There are very few offering the cover required and most are based in Asia. Such cover is unlikely to be accepted by EU authorities as claims procedure and acceptance are doubtful and, of course, out of jurisdiction.
    The premiums necessary to cover a UK citizen in EU are beyond the pocket of most. Enquiries so far produce premiums ranging from £20/35,000 per person pa often with exclusion clauses depending on age, present health etc.

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BREXIT

Driving licences: Are the UK and Italy any closer to reaching an agreement?

With ongoing uncertainty over whether UK driving licences will continue to be recognised in Italy beyond the end of this year, British residents are asking where they stand.

Driving licences: Are the UK and Italy any closer to reaching an agreement?

Many of The Local’s British readers have been in touch recently to ask whether any progress has been made in negotiations between the UK and Italy on a reciprocal agreement on the use of driving licences.

If you’re reading this article, there’s a good chance that you’re familiar with the background of this Brexit consequence.

READ ALSO: Frustration grows as UK driving licence holders in Italy wait in limbo

When Britain left the EU there was no reciprocal agreement in place, but UK licence holders living in Italy were granted a grace period in which they could continue to drive on their British licences. This period was later extended to the current deadline of December 31st, 2022.

The situation beyond that date however remains unclear, and concern is growing among the sizeable number of British nationals living in Italy who say no longer being allowed to drive would be a serious problem.

There was the option of exchanging licences before the end of 2021, but many didn’t make the deadline. As has been proven before, this was often not due to slackness but rather all manner of circumstances, from having moved to Italy after or shortly before the cut-off date to bureaucratic delays.

Driving licences: How does the situation for Brits in Italy compare to rest of Europe?

So is an agreement any closer? Or do those driving in Italy on a UK licence really need to go to the considerable trouble and expense of sitting an Italian driving test (in Italian)?

With five months left to go, there’s still no indication as to whether a decision will be made either way.

The British government continues to advise licence holders to sit their Italian driving test – while also stressing that they’re working hard on reaching a deal, which would make taking the test unnecessary.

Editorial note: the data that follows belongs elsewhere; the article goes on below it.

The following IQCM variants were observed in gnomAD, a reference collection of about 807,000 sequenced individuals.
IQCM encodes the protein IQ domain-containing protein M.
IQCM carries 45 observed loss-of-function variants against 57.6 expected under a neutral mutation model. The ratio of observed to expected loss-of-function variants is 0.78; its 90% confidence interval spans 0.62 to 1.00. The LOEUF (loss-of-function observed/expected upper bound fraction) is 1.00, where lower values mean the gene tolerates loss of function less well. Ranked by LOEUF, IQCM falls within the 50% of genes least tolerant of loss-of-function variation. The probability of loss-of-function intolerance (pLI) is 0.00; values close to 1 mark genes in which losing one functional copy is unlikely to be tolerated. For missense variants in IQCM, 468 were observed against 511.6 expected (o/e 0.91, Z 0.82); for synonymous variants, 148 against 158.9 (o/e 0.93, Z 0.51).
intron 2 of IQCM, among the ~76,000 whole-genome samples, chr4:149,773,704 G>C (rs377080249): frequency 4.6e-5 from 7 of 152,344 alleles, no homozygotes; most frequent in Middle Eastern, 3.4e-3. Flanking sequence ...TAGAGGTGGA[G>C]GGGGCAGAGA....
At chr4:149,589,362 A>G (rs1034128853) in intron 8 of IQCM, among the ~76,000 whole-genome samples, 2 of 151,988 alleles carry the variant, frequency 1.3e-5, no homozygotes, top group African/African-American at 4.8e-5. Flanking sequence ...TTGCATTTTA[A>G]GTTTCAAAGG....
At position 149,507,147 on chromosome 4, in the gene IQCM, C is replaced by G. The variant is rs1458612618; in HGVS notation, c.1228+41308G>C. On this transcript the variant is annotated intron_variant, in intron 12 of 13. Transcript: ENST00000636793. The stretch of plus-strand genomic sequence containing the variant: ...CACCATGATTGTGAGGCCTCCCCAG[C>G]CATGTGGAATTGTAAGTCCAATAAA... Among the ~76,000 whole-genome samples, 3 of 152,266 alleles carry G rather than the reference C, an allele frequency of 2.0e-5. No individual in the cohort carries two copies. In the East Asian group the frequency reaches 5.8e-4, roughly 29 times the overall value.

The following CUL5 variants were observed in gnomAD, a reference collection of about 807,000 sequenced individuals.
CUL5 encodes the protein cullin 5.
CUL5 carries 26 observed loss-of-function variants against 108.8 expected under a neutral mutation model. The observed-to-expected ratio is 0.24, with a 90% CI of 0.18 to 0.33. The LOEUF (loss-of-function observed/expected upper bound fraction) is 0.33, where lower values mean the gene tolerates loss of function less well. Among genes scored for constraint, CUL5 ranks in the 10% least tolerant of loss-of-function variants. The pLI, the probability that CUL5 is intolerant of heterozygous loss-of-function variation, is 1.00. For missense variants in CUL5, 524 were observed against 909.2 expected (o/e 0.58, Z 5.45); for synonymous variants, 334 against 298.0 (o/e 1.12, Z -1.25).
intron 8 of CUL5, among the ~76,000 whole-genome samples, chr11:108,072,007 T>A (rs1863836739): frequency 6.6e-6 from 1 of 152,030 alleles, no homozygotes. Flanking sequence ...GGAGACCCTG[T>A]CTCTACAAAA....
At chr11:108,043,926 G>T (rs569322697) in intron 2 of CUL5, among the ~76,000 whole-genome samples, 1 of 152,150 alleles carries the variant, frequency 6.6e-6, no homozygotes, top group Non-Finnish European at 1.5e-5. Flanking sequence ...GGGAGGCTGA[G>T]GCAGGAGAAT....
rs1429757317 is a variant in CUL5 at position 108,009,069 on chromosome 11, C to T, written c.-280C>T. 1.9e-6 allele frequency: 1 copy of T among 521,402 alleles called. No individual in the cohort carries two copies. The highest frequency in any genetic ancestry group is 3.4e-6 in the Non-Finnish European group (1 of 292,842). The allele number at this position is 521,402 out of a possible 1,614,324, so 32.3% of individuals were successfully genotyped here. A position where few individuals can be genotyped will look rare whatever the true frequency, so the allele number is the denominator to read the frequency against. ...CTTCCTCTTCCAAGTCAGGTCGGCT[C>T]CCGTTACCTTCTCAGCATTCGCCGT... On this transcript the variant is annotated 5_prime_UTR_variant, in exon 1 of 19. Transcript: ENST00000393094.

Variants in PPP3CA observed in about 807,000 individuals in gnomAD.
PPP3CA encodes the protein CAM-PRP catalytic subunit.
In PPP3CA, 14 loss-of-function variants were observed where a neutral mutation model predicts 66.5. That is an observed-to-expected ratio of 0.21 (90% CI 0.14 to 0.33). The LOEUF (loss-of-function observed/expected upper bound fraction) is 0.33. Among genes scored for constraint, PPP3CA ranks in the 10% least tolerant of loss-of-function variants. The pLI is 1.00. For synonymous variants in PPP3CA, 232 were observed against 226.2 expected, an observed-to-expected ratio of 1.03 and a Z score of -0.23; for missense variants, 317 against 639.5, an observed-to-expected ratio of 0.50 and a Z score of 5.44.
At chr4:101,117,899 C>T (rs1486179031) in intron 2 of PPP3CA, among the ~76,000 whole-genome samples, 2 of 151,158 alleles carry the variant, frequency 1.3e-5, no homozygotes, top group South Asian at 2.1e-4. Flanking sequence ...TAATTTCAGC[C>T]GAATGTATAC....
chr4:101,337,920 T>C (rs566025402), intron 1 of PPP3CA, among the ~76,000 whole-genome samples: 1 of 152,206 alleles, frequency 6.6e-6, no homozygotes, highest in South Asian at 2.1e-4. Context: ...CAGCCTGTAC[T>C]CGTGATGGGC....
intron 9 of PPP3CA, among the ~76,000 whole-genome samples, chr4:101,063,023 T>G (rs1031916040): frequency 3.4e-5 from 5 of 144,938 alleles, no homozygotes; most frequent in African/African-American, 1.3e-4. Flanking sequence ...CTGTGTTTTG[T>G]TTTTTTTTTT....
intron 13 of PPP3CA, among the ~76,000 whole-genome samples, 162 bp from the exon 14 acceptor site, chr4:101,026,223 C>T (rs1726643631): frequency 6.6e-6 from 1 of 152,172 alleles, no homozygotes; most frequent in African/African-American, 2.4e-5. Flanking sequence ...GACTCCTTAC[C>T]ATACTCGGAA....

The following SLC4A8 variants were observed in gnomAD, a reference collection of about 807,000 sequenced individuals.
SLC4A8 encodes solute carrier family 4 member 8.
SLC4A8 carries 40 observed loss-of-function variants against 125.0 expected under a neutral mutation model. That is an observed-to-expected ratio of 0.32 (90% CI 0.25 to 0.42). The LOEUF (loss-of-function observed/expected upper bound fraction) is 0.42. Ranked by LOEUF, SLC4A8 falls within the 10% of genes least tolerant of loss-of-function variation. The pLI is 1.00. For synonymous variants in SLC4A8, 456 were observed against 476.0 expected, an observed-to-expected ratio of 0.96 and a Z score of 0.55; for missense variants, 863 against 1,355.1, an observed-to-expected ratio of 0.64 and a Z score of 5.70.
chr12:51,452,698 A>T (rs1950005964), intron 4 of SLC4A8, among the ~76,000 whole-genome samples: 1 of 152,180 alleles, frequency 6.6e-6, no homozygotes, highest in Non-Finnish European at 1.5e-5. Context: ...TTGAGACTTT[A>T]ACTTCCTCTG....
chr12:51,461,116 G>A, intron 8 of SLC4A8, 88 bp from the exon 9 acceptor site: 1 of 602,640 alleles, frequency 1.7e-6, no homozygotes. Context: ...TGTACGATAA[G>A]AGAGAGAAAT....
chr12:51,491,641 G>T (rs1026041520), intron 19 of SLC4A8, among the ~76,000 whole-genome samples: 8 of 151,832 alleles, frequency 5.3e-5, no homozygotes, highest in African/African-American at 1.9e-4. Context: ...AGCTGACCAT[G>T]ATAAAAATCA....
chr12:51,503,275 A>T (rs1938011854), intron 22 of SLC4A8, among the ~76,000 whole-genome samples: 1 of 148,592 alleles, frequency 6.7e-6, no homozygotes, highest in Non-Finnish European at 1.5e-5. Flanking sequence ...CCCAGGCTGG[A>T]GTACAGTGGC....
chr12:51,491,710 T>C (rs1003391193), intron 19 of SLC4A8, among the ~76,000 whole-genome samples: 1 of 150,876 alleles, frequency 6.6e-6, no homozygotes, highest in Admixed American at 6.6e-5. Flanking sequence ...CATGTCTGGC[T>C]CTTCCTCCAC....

This message has not changed.

On Wednesday, July 27th, British Ambassador to Italy Ed Llewellyn tweeted after a meeting with Italian Infrastructure and Transport Minister Enrico Giovannini: “The British and Italian governments continue to work towards an agreement on exchange of driving licences.”

But the ambassador earlier this month advised UK nationals “not to wait” and to “take action now by applying for an Italian licence”.

In an official newsletter published in mid-July, Llewellyn acknowledged the concerns of British residents and confirmed that negotiations are still going on.

“I know that many of you are understandably concerned about whether your UK driving licence will continue to be recognised in Italy, especially when the extension granted by Italy until 31 December 2022 for such recognition expires.

“Let me set out where things stand. The British Government is working to reach an agreement with Italy on the right to exchange a licence without the need for a test. 

READ ALSO:  Do you have to take Italy’s driving test in Italian?

“The discussions with our Italian colleagues are continuing and our objective is to try to reach an agreement in good time before the end of the year.

“We hope it will be possible to reach an agreement – that is our objective and we are working hard to try to deliver it. 

Nevertheless, he said, “our advice is not to wait to exchange your licence.”

“If you need to drive in Italy, you can take action now by applying for an Italian licence. This will, however, involve taking a practical and theory test.” 

He acknowledged that “the process is not a straightforward one and that there are delays in some areas to book an appointment for a test”.

READ ALSO: ‘Anyone can do it’: Why passing your Italian driving test isn’t as difficult as it sounds

“We will continue to work towards an agreement,” he wrote. “That is our objective and it is an objective we share with our Italian colleagues.“

The British Embassy in Rome had not responded to The Local’s requests for further comment on Friday.

The Local will continue to publish any news on the recognition of British driving licences in Italy. See the latest updates in our Brexit-related news section here.

Find more information on the UK government website’s Living in Italy section.